The winter of 2009/10 is still quite young, and no one knows what it holds. But at this early date there is one thing I can say for sure – when it comes to snow crystal photos, it won’t be the worst winter ever.
I don’t feel like digging into my records to figure out which season exactly was the worst. I first started photographing snow crystals in 1997, and the first few years I worked on it were a real challenge – especially shooting very unforgiving color slide film. But there was one year when, even with digital cameras and a refined and predictable technique, I only managed two good shots. It’s just a question of what nature tosses your way, and if you are there to receive it.
That is part of the deal with nature photography, at least as I practice it. You take what the earth gives you. Sometimes it is generous; often not. And when not, you just get up and go back out, faithful that things will change. Whether it’s hunting for snow crystals, visiting a pine barrens, hoping to find wildflowers or dragonflies – sometimes nature is bountiful, sometimes not. And often you come home with nothing to show for the effort.
Some days I wish that it all could be easy. Maybe I could fly to places where the subjects I want to photogrpah are right there waiting. I’m sure dragonflies are on the wing somewhere. Snow crystals fall in perfection someplace else. Sometimes I feel that I lack dedication, and if I was really serious I would not just shoot photos in my little corner of the world, but rather would go where the subjects are, and really produce. It could be easy… and rewarding.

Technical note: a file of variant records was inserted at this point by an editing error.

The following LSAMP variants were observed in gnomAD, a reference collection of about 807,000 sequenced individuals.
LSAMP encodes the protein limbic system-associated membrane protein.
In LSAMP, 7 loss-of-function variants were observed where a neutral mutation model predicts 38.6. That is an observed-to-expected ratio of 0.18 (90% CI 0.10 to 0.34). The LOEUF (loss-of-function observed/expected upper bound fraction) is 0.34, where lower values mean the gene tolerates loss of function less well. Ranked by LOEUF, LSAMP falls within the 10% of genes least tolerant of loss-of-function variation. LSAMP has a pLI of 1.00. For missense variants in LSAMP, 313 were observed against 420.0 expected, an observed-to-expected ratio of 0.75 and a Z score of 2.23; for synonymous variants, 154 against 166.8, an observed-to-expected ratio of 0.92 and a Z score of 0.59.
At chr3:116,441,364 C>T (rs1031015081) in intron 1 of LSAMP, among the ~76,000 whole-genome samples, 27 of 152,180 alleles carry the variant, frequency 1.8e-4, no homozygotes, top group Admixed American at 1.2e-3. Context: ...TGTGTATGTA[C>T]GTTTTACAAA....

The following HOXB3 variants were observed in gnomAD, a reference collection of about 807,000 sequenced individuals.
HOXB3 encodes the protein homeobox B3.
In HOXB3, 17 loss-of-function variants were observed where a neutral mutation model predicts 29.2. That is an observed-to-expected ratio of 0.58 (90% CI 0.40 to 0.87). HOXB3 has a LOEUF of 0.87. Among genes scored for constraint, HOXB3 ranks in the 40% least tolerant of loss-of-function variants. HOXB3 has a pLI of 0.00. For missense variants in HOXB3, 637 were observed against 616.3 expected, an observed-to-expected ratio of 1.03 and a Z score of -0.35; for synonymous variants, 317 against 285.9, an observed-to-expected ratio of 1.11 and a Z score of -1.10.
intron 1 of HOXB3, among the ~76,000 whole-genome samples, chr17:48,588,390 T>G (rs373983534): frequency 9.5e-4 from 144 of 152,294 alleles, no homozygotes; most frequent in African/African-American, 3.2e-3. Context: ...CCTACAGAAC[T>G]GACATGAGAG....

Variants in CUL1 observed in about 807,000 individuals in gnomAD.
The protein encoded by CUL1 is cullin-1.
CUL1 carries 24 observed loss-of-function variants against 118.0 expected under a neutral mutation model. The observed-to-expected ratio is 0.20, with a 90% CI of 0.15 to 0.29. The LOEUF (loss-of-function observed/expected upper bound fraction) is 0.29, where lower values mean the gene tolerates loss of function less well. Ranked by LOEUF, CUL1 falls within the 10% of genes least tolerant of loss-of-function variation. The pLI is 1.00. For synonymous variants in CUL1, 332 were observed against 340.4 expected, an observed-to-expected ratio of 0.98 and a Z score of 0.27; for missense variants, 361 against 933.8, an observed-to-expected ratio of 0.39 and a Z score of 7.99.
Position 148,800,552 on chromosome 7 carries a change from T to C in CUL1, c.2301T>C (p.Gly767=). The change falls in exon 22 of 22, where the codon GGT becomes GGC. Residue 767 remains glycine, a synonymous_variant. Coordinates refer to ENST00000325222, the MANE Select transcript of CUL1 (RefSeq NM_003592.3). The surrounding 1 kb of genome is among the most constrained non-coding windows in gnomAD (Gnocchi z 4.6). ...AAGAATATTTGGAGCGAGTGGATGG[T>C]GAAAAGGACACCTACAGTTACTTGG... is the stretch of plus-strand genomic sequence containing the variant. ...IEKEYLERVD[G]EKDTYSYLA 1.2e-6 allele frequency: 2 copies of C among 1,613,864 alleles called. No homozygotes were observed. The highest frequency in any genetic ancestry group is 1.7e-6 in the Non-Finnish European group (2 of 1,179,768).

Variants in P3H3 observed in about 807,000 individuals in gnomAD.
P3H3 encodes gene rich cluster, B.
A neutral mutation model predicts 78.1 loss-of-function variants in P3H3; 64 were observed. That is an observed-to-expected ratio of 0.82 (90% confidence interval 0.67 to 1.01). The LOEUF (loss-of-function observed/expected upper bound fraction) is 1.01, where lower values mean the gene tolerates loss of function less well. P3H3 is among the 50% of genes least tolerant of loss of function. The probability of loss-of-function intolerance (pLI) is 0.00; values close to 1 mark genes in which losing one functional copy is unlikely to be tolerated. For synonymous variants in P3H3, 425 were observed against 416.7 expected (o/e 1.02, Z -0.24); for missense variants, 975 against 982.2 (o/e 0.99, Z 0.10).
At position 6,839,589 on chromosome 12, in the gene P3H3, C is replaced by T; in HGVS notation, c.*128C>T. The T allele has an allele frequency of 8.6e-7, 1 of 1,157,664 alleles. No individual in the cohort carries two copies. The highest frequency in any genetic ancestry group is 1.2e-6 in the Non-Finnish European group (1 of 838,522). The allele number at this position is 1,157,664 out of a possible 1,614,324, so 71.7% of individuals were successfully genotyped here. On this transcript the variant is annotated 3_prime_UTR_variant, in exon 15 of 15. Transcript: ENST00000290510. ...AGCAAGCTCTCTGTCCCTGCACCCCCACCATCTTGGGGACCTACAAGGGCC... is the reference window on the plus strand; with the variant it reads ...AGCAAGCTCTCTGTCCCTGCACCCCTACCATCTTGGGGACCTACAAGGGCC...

But if I have learned anything from observing nature, it is that the easy is the most unnatural. And if I have learned anything from art, it is that the product is a distraction and it is the process that is the most compelling. So while bleak winter days can be unrewarding; while a whole winter can pass and yield just two snow crystal photos; while there are days I return empty handed, again; and nights dark with doubt – ultimately it is part of the dance, part of the process, part of creation. No matter what, it’s a blessing and not to be denied just because there is nothing to show for it.
Yeah – I know – try explaining that to folks who ask “But what did you do today?” So I am happy to record in my journal – “2009/10 is not the worst winter ever wrt snow crystals.”
And so here we go – two more shots from Sunday night, embedded in this post. The session was not quite as productive as I had hoped, but there is at least another shot in the works and what the heck – did I mention that this is not the worst year ever when it comes to snow crystals?